When Sommer was in the hospital I received a phone call from a distant Aunt who had heard the news and wanted to learn more. I was in the elevator at the time of the call and remember thinking “how odd my phone works.” I don’t remember most of the conversation my mind was miles away in room 419 where my daughter was on life support. I did tell her “No matter what happens Jesus will raise my daughter!”
There was a strain in my voice. I was very adamant about my statement almost daring her to challenge me. She is a non-believer and I so wanted to prove something to her even though I knew it would take a miracle for Sommer to wake up and recover from her coma. But you see I knew with every fiber of my body she would be raised and enter the kingdom of heaven I had and have that blessed assurance.
In Luke, we learn that Jesus raises and heals the daughter of a prosperous man named Jairus.
40 Now when Jesus returned, a crowd welcomed him, for they were all expecting him. 41 Then a man named Jairus, a synagogue leader, came and fell at Jesus’ feet, pleading with him to come to his house 42 because his only daughter, a girl of about twelve, was dying.
As Jesus was on his way, the crowds almost crushed him.
Jarius was a community leader and head of the synagogue. His job was to organize things. The running of the show so to speak. He was in charge of conducting the worship and selecting of those who are to lead the prayer, read the scriptures, and teach of the service. Yep, he was the boss. He was also a believer in Jesus Christ. He had to of been based on his actions.
Now, this highly respected citizen comes up to Jesus in the multitude of pushing and shoving individuals. They make way for him out of respect, but he is not there to pay his respects to the rabbi nor to greet an old friend
His face was probably ashen, his hands trembling and when he finally reaches the Master he falls upon his knees before Jesus. Can’t you just see this important man in the people’s eyes down on his knees before the King of the Universe begging him to do something quickly? Notice he is not afraid of what others thought of him, he knew the Master and what He could do.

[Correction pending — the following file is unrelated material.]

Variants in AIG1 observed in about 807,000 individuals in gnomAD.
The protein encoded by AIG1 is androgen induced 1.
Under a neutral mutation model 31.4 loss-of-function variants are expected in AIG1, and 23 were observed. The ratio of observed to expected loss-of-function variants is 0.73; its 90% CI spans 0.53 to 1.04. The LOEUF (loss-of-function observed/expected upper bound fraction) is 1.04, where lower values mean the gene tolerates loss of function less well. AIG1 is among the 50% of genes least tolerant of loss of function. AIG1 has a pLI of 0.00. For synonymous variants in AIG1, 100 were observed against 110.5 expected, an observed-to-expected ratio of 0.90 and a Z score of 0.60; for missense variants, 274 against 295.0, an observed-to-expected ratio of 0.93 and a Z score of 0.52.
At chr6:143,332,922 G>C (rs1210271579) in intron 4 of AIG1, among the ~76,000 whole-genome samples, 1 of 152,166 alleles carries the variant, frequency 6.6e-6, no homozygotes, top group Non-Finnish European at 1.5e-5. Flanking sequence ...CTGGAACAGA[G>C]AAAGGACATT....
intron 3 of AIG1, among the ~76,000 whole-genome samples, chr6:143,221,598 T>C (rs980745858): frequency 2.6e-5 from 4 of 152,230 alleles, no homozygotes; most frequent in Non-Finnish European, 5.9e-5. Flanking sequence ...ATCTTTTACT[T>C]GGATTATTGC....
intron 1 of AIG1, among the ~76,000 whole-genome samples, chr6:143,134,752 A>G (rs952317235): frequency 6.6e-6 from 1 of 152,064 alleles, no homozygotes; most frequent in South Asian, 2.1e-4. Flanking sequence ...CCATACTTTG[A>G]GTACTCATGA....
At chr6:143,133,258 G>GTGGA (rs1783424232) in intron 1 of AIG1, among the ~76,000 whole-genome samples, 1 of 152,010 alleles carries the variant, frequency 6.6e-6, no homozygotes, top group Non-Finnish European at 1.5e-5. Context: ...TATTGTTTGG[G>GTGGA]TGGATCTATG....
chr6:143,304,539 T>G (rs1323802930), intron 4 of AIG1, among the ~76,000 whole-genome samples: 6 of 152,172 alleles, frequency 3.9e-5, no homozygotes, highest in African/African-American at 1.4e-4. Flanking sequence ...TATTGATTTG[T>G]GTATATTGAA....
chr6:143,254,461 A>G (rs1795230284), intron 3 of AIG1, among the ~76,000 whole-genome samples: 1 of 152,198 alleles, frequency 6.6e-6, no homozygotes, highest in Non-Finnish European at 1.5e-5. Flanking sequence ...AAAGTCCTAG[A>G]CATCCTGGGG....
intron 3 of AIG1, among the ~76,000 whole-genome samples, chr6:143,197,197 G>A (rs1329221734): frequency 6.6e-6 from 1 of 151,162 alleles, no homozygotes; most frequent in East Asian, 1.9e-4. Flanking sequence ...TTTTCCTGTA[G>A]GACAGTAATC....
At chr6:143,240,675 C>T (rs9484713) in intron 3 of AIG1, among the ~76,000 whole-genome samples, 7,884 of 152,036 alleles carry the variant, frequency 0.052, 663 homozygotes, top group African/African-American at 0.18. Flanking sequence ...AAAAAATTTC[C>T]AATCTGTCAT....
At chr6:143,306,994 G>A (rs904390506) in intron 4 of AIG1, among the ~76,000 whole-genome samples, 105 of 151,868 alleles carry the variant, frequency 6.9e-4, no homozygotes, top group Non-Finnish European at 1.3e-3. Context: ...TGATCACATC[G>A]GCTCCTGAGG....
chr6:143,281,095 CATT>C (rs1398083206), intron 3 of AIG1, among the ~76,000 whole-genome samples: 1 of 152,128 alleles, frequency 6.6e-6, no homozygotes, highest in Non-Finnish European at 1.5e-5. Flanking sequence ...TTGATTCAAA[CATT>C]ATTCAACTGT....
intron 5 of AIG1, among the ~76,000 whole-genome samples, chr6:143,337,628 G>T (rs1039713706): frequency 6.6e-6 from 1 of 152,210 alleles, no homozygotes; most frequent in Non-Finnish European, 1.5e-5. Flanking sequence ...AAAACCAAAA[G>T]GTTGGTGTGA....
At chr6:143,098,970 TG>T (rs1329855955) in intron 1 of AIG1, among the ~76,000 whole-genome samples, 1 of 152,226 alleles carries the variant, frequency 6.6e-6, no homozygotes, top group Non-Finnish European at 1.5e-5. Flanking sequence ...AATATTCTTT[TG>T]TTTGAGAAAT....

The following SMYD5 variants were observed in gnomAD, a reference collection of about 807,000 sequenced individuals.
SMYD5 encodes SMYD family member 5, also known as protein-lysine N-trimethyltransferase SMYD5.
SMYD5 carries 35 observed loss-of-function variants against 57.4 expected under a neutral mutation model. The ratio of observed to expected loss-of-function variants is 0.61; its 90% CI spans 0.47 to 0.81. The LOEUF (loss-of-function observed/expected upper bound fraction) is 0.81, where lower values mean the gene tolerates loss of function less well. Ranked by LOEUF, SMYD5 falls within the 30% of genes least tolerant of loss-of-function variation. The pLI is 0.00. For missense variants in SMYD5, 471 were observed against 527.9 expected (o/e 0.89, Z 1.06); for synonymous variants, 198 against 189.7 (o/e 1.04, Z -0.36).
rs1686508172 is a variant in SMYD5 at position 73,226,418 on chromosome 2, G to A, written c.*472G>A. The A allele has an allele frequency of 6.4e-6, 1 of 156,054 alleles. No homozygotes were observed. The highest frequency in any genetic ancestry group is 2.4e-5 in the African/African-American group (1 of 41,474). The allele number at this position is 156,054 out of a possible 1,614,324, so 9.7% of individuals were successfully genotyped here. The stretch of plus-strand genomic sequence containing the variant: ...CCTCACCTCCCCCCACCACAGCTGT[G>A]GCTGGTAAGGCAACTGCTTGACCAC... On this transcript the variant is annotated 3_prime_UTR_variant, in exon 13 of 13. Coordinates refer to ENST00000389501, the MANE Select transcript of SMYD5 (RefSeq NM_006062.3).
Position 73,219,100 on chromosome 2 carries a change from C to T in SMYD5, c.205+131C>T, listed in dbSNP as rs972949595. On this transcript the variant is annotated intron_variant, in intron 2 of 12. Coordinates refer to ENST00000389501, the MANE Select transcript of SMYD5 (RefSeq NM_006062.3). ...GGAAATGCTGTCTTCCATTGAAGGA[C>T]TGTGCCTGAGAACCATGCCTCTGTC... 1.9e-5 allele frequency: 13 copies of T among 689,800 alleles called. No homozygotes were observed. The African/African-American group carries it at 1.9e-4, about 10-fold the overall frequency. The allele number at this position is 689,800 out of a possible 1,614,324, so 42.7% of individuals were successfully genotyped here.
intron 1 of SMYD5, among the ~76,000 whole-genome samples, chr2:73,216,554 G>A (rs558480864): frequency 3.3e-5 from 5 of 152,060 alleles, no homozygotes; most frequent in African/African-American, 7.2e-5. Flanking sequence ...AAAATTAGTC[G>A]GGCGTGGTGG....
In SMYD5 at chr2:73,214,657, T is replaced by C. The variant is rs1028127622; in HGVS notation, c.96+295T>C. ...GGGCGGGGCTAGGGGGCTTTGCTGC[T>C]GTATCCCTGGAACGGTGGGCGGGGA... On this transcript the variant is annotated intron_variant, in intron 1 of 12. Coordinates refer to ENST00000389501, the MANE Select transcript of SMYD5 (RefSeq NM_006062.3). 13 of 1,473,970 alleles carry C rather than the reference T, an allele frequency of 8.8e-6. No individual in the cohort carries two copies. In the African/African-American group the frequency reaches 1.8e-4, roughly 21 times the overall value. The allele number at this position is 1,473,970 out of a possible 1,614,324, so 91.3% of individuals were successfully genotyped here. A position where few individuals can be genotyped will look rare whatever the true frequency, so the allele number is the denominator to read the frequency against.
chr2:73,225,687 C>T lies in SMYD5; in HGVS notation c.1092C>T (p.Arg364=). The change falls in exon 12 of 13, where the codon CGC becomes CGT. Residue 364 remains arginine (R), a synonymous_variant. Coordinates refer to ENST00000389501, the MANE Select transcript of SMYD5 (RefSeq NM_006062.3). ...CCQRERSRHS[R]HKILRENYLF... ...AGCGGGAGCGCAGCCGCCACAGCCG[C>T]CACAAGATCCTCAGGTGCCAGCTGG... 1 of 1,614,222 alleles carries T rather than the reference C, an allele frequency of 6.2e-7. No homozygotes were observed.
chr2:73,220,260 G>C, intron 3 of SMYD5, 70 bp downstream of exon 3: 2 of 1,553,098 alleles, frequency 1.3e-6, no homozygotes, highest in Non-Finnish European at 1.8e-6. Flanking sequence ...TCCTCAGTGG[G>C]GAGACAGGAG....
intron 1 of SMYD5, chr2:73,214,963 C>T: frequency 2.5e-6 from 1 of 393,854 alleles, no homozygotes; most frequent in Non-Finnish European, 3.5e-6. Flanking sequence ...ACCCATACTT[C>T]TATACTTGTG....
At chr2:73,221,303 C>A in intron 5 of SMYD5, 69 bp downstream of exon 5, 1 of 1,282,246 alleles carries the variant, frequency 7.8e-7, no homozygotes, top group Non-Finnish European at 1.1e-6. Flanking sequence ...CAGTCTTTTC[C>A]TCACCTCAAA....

See his head bowed, his shoulders shaking with emotion, his brow sweating? Here is a paradoxical scene: the well-to-do synagogue president utterly bumbling himself before the simply-dressed Jesus. He has been waiting for Jesus to return–hoping he would return in time, and now he is here. Jesus is Jarius’ last hope
49 While Jesus was still speaking, someone came from the house of Jairus, the synagogue leader. “Your daughter is dead,” he said. “Don’t bother the teacher anymore.”
50 Hearing this, Jesus said to Jairus, “Don’t be afraid; just believe, and she will be healed.”
51 When he arrived at the house of Jairus, he did not let anyone go in with him except Peter, John and James, and the child’s father and mother. 52 Meanwhile, all the people were wailing and mourning for her. “Stop wailing,” Jesus said. “She is not dead but asleep.”
53 They laughed at him, knowing that she was dead. 54 But he took her by the hand and said, “My child, get up!” 55 Her spirit returned, and at once she stood up. Then Jesus told them to give her something to eat.56 Her parents were astonished, but he ordered them not to tell anyone what had happened.
Notice the private moment. Just Jarius his wife Peter, John, and James. Everyone else is shooed from the house.
I can so relate to Jarius. I have been on my knees begging God to restore my daughter. I wanted what Jarius wanted. I wanted Sommer to wake from the coma and be restored to perfect health. But God wanted better for my daughter. He gave her eternity. He gave her everlasting life. He gave her a new name. He gave her a mansion. He gave Himself so that Sommer could have all these things. No matter how much I would love to have my daughter with me I accept that she is in Paradise and I am the lucky one. Yes, I am the lucky one I know I’ll see her again. I don’t have to guess or hope I have that blessed assurance that she is in her heavenly home and by accepting what Christ did for me and you on the cross lessens my grief. I still grieve but I grieve with abundant hope.
I am the lucky one.